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  #1  
August 21st, 2007, 05:46 AM
Mega Super Mommy
Join Date: Feb 2006
Location: Ohio
Posts: 1,532
After some research, I decided to build my own curriculum for basically everything but math and spelling. Now, I think I'm regretting that decision. I figured that there is so much information available online, it just seems silly to spend tons of money to buy a curriculum (no offense to those who do, personal choice!!). Anyway, now that I have sat down to try and plan it out...I feel like I have gotten in over my head. I have found some websites with a typical course of study by grade, but how do I make sure that I keep things in line with my state standards? I have looked over Ohio's content standards, and they just seem so vague. Maybe I'm looking at the wrong publication? Maybe I'm just making it harder than it has to be? I don't know.

Does anybody build their own curriculum? How do you decide what to teach and when?
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  #2  
August 21st, 2007, 05:54 AM
Butter's Avatar Heather the Mama Duk
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Location: San Antonio TX
Posts: 28,852
I did my own curriculum for a year (and it ended up she plowed through what I thought would last a full year in 3 months!) and vowed to never do it again. It's possible, but, like you, I found it to be overwhelming and a lot harder than it sounds. I'm much more comfortable having what needs to be done laid out for me at least basically so I'm not wondering if I'm covering everything I need to all the time. Most state's standards are very vague. You kind of have to decipher the education-ese to figure out what they are really saying.
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  #3  
August 21st, 2007, 05:56 AM
joandsarah77's Avatar Platinum Supermommy
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Location: Australia
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Well I do quite a bit of that but then I am teaching K, big difference to grade 6. I think by then I would be buying each subject from different publishers unless I was really tight for money.
There is a free Charlotte mason curriculum available online called 'Ambleside Online', maybe you might like that. http://amblesideonline.org/ They have from year 0 up to year 11 on there. You either need to buy the books or order them from a good library.
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  #4  
August 21st, 2007, 09:38 AM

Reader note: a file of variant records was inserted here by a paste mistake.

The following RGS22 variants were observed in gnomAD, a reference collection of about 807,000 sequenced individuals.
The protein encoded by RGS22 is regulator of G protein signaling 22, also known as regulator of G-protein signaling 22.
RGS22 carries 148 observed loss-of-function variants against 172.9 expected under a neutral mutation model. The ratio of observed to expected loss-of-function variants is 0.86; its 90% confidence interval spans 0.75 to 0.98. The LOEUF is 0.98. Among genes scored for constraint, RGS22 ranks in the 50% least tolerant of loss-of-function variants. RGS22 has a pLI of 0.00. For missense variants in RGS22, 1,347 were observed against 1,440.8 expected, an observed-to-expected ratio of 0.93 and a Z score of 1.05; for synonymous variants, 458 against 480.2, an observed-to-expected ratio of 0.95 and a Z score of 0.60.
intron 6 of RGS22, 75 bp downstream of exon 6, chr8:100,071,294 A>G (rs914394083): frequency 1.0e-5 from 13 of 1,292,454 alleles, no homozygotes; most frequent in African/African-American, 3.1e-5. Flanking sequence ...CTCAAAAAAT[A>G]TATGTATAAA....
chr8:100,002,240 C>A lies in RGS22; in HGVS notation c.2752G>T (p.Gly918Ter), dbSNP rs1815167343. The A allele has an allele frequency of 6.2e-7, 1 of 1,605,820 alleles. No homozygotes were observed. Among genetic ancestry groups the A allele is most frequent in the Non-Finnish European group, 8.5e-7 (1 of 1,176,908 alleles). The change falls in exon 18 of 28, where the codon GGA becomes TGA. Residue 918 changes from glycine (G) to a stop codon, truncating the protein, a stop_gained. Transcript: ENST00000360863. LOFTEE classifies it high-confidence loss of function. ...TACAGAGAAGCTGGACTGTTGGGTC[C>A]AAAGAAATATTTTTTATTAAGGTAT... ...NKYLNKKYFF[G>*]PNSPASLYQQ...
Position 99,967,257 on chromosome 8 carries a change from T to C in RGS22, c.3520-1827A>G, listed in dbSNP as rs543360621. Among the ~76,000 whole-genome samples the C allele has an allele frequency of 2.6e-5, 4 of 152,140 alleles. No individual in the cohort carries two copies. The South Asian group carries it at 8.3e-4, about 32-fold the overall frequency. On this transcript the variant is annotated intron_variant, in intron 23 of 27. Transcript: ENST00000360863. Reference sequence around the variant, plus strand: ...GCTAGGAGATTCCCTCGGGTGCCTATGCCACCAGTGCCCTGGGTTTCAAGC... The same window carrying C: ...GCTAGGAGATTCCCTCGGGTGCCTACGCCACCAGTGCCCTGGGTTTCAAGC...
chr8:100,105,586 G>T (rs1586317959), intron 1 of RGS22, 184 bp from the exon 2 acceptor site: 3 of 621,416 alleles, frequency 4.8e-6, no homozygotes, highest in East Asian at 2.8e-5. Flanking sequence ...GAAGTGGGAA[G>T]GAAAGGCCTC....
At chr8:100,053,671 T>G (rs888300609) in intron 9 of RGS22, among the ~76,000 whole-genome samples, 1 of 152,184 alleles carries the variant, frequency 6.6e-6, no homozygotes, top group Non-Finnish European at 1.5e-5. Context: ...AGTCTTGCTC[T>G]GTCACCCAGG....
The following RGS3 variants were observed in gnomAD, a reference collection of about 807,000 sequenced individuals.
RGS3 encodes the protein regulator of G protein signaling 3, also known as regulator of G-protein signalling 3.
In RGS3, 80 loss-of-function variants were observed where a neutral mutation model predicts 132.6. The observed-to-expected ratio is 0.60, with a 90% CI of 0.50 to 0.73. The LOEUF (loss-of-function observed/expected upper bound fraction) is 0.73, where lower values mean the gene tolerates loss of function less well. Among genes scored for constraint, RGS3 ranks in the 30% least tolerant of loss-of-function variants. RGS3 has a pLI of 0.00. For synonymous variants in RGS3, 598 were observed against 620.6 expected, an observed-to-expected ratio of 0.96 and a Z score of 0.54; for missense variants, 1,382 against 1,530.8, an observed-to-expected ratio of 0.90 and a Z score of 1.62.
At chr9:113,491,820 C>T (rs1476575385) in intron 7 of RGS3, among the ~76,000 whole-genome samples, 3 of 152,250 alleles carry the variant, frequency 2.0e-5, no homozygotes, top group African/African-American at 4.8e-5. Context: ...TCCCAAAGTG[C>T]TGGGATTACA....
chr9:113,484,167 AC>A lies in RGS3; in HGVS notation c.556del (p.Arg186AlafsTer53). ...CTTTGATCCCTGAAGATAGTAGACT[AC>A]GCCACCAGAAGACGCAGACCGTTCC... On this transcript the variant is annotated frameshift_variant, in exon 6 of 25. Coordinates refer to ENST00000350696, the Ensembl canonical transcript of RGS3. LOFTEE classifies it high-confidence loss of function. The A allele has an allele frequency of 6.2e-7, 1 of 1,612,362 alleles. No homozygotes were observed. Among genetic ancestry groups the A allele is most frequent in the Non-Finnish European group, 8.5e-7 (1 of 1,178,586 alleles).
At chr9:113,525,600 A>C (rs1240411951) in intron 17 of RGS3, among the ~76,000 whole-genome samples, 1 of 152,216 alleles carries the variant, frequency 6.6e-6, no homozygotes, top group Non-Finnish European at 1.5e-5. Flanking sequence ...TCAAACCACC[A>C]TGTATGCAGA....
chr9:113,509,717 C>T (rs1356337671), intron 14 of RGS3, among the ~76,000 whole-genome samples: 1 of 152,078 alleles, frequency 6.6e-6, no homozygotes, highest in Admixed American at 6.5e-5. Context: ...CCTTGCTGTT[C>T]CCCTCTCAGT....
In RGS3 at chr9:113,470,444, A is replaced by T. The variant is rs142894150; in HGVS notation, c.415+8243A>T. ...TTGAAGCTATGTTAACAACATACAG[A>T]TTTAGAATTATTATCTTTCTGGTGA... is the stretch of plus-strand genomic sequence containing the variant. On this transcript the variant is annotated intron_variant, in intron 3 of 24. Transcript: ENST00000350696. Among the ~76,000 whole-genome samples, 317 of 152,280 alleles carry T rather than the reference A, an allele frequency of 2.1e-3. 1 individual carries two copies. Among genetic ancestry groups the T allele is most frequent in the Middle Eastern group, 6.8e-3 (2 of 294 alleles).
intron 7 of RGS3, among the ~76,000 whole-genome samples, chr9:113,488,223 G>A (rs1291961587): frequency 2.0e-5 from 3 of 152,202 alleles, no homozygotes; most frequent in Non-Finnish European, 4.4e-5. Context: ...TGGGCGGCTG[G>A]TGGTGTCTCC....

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Join Date: Mar 2007
Location: The Sunshine State
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Quote:
Well I do quite a bit of that but then I am teaching K, big difference to grade 6. I think by then I would be buying each subject from different publishers unless I was really tight for money.[/b]


I think it would be overwhelming to me as well. Although here in FL we have to be tested once a year, so I definitely want to make sure I'm covering what he will be tested on, kwim? Other than that, I like him learning out of the box.
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  #5  
August 21st, 2007, 10:48 AM
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Join Date: Mar 2005
Posts: 3,160
I think it'd be very difficult to do a full year's curriculum from scratch for free, especially in the upper grades. That would be too much stress for me. I remember a book at our library called homeschooling for free or something like that. Maybe you could find a book like that to help you along. There are also the books called "What your ?th grader needs to know." That might give you some insight as well.

We are sort of building our own curriculum but it hasn't been free. For history, we are pretty much using what's in the Sonlight catalog, but getting everything from the library instead of buying them. (I did buy a history spine at a cheap price since we will use that all year along side our library check-outs.) That might be a possibility for you too. Check out thier catalog for some great reading lists.

You could probably do something similar for Science as well. Make a list of the topics you want to cover then hit the library each week or so for reading materials and project ideas.
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  #6  
August 21st, 2007, 05:41 PM
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I just wanted to say that I am learning so much from reading all of your posts! I was totally overwhelmed, and I only have a preschooler, before I joined justmommies. I've gotten tons of ideas from you and wanted to let you know that you're all a great resource! Thanks!
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  #7  
August 21st, 2007, 05:53 PM
lblackst's Avatar Super Mommy
Join Date: Jul 2007
Location: TR, SC
Posts: 874
Hey, it's overwhelming to write lesson plans with curriculum guides so I'll bet it is even harder to do it with only state standards. I personally would choose a good curriculum (or several based on subjects). State standards can be vague- even as a professional teacher I think they are. Right now, my daughter is doing an online program and has found it to be great. Then I fill in what I think are the gaps. I think that is better than building your own curriculum.
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